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Fascinating article about male/female nurse pay dfferences

Doesn't surprise me at all. And not just in regards to pay. Until recently, my home hospice employer was requiring the nurses, social workers, and chaplains to take turns relieving our AA for lunch. Then a few months ago they hired the 1st male RN since they had started that requirement and I predicted they would stop it once he was out of training. What do you know...guess I should hang my shingle out advertising "Psychic- Get Your Fortunes Told", 'cause that's exactly what happened. I was just a lucky beneficiary of male privilege that time.

I still say there's plenty of non-sexist explanations for male nurses averaging higher yearly incomes, even in the same fields.

The article even admits it didn't adjust for the fact that women tend to work PT more often than men. I'm willing to bet men work more OT relative to women, too. Or how about women taking unpaid maternity leave? Correct me if I'm wrong, but doesn't this study compare annual income disparities? Annual income is meaningless if you're comparing a group that has a higher percentage of PT workers to one that has a higher percentage of FT. I'd be more convinced by a direct comparison of hourly wages then by a comparison of annual incomes.

And I find it a bit much to call the choices women make re:their own lives to be a reflection of sexism.

I would like to hear a candid discussion between managers regarding whether they prefer men as employees and why.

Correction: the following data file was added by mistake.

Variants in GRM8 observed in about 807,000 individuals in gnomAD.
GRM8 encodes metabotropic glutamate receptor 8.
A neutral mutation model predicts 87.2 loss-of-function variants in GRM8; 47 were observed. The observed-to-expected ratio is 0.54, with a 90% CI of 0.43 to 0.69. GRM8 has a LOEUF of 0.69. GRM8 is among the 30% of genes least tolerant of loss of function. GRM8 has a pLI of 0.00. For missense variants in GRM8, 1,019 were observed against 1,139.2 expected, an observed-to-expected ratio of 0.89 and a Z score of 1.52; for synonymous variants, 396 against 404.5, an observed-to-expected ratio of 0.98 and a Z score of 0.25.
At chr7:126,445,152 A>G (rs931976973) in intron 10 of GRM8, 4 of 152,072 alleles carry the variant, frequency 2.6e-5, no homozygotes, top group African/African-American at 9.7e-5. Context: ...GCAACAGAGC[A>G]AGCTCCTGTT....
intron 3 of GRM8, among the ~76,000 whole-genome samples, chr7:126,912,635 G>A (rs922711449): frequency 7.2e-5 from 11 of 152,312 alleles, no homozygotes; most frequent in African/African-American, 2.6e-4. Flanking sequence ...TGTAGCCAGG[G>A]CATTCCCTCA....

I have worked with so few men but I wonder how their call outs, tardiness, stamina, drama, time mgmt, confidence, assertiveness and anything else you can think of compare to women. Are they typically equivalent in nursing?

This study was very poorly done. No control for shift differential, controlled for years since graduation instead of years of experience, no control for full time vs. part time, no control for if CRNA is a partner in a practice vs. an employee and no control for benefits (salary is only a part of compensation.

Pretty disappointed to see the spokesperson from the ANA compliment the study. If one of my students gave me this as a project I would have shredded it.

MatrixRn

Specializes in Management, Med/Surg, Clinical Trainer.

Speaking from someone who has had male nurses on the floor, I can honestly say that they hold no preference for me. I expect them to work the same as the female nurses. Often times I see staff expect them to do all the heavy lifting and i will intervene. Not fair.

Overtime I have had three on the floor: one is a go getter....an excellent patient advocate and always goes the extra mile. He pitches in to help when he is done with his patient care.

The second does good work, but he can get side tracked. Especially if it is a task that he did not want to do. And when he wants to get out of something he turns on the charm. And it works, not on me, but on most of his fellow staff.

While the third was lazy as sin. He delivered good patient care but sloooowly, so others needed to pick up his slack for any serious issues. The other staff complained about his listless behavior all the time...and rightly so. As a side bar, it took a great deal of wrangling before I could finally get rid of him.......other managers etc wanted to keep him because he was a male.

In addition, I would say that each of the males that I worked with had stellar attendance, would volunteer often for OT and carried themselves in a profession manner....meaning they did not gossip.

I still say there's plenty of non-sexist explanations for male nurses averaging higher yearly incomes, even in the same fields.

The article even admits it didn't adjust for the fact that women tend to work PT more often than men. I'm willing to bet men work more OT relative to women, too. Or how about women taking unpaid maternity leave? Correct me if I'm wrong, but doesn't this study compare annual income disparities? Annual income is meaningless if you're comparing a group that has a higher percentage of PT workers to one that has a higher percentage of FT. I'd be more convinced by a direct comparison of hourly wages then by a comparison of annual incomes.

And I find it a bit much to call the choices women make re:their own lives to be a reflection of sexism.